The story unfolds

It began in Fresno, CA in the summer of 2007. I signed up for a Solo Performance Workshop at the California State University. This is the first of my Fresno blogs. The abridged version is: wonderful experience, terrible cafeteria food, great people and a lot of exercises that had nothing to do with writing that I thought were completely pointless. Until we started writing.

I knew I wanted to develop something around my father’s death but I had no idea that I’d start writing other characters, of different ages and backgrounds. I’d never before had the sensation of listening to my characters talk to me and just writing what I heard. It sounds woolly but it happened. It was exciting to start each morning sitting outside with coffee and cigarette and wonder whose voice I might tap into. Three of the 8 characters emerged in Fresno – Maggie, Jane and Catherine (aka Jack) – in a 10 minute graduation piece called ‘Interruptions. 

After Fresno I started working on a longer (25 minute) version for the FronteraFest short fringe in January 2008. I expanded the stories but didn’t add any new characters. I was working on it alongside a second short fringe piece and in retrospect I didn’t put nearly enough work into the rehearsal phase. Not unusual for me. Not surprisingly I hated my performance in ‘That Diana Look’ and documented it here.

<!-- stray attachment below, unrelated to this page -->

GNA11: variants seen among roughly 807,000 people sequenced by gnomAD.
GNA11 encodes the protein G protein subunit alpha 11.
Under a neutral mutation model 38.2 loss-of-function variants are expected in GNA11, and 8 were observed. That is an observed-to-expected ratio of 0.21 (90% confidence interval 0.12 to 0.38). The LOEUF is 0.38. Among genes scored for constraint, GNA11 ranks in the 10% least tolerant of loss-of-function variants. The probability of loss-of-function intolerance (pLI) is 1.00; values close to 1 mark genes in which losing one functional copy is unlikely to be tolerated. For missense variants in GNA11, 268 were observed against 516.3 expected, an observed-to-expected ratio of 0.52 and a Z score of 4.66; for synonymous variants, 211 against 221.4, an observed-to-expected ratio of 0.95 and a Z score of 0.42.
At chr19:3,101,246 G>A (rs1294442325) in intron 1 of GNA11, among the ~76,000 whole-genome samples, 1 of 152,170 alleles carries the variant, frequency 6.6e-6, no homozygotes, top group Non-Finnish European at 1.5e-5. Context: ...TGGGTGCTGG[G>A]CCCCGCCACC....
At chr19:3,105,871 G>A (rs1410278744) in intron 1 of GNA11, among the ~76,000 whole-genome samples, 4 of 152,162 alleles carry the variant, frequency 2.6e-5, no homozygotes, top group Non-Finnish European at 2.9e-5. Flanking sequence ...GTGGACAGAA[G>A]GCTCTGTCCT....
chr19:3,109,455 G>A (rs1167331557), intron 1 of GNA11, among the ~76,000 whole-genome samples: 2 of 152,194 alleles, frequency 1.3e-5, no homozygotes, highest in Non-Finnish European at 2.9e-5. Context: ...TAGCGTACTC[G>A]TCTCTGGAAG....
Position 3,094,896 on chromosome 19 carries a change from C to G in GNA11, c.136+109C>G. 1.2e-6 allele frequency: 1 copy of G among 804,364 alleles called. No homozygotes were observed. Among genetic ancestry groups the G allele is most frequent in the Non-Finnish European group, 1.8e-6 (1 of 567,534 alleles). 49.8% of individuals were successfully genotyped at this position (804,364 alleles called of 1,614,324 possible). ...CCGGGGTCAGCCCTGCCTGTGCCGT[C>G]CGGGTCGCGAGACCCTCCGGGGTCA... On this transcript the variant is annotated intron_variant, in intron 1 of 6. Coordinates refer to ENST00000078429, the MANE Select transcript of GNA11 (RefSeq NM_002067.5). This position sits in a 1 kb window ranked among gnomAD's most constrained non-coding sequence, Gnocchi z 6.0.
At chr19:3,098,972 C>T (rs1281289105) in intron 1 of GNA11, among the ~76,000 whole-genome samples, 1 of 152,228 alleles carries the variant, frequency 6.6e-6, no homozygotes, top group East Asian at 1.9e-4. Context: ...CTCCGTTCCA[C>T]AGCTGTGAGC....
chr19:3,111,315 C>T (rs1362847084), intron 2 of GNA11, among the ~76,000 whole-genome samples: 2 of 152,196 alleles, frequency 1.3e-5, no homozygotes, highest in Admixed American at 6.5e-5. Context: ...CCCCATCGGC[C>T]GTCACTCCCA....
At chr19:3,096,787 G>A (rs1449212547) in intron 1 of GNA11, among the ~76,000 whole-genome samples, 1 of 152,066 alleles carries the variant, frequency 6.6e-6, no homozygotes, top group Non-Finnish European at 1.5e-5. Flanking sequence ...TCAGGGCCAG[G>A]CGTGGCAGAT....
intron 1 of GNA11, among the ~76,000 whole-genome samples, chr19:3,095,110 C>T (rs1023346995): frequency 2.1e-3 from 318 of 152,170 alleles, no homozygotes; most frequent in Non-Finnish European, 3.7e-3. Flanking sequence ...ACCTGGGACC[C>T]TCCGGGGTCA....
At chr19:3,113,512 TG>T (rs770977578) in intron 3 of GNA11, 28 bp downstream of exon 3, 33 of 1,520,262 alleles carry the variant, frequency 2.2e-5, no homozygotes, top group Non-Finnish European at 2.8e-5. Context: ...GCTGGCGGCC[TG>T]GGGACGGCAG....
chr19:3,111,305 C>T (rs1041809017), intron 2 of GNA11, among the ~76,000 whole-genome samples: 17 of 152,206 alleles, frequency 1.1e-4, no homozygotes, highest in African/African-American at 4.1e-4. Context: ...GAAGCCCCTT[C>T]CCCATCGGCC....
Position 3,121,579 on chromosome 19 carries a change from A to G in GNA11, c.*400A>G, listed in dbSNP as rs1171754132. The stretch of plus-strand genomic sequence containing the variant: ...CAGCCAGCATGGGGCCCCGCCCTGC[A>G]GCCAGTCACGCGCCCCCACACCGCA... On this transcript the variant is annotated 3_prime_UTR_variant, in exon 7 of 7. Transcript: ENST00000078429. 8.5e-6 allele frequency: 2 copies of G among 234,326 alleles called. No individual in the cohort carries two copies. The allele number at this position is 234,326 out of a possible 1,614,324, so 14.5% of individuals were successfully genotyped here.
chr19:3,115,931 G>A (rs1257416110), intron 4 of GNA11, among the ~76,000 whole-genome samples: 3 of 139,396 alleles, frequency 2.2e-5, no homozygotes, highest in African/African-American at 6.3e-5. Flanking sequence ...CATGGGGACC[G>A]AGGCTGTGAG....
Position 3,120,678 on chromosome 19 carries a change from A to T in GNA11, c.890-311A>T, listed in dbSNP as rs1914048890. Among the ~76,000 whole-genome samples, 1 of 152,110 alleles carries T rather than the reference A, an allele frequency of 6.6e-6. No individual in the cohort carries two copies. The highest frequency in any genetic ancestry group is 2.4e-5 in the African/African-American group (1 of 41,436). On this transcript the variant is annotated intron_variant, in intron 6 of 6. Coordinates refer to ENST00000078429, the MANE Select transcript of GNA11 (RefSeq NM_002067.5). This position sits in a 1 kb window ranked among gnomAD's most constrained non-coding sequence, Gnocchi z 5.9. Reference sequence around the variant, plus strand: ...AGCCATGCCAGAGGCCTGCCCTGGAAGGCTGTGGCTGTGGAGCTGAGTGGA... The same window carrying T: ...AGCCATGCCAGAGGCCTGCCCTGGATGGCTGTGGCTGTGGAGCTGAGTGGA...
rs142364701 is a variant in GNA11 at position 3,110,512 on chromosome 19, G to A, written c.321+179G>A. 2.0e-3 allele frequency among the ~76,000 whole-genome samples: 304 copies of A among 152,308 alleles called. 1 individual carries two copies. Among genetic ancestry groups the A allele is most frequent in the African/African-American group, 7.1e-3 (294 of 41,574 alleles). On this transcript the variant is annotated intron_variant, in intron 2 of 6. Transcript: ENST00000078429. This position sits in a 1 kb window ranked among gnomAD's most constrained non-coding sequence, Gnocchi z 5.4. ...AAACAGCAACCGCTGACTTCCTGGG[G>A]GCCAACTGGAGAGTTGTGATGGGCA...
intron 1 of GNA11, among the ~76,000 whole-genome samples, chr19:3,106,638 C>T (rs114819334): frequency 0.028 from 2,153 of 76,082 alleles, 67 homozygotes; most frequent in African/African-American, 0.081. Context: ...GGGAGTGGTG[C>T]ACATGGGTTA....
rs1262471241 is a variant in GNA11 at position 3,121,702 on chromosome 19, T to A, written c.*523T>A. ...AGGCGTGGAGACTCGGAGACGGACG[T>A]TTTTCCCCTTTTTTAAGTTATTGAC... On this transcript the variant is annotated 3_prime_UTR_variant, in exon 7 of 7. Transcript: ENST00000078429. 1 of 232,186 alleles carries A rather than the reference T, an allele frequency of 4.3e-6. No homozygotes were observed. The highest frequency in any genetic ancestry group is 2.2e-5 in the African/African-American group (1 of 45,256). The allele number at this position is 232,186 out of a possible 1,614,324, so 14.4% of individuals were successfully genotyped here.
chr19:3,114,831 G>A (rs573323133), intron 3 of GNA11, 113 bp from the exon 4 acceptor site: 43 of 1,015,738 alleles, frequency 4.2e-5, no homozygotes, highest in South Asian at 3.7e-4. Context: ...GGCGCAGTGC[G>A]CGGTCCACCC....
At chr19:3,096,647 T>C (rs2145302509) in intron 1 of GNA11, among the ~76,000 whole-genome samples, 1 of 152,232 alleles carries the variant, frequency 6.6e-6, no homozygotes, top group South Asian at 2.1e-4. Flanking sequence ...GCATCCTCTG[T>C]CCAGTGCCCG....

The next phase was to develop it into an hour long show and take it to some fringe festivals over the summer, specifically the Winnipeg fringe last July. Through the excellent Austin Script Works, I was able to work with a dramaturg, Rebecca Beegle, and over the course of a few months, I developed another 3 characters – Pauline, Claire and Meena. Rebecca also suggested the title Our Angle in Heaven (a line from the play).

It became obvious I wouldn’t be ready for Winnipeg so I cancelled and focused on FronteraFest 2009. This is my first time at the Long Fringe. My first time having an audience just for my show. My first time being alone onstage for an hour. But I’m ready. That’s largely thanks to also having a director for the first time. I met Lou Rigler in September through a friend of a friend, sent him my script, crossed my fingers and left for England for 2 weeks. 

Working with Lou has been empowering and inspiring. We first worked for a while on my script and that’s where the final characters of Dee and Barry and emerged and others got sanded down and more finely tuned. Since then we’ve met every week in my rehearsal garage, with me struggling with my lines, my blocking, set changes and the small business of acting. When I got all frustrated and felt that I wasn’t making any progress whatsoever, he calmly and patiently explained that it was all part of the process. I will miss him.

After the 4 Long Fringe performances there’s no immediate plans for the show. But I hope to perform it again, I’ve grown very attached to these 8 individuals. The lessons I’ve learned from developing a piece over 18 months will stay with me and I hope I remember them in whatever I take on next.

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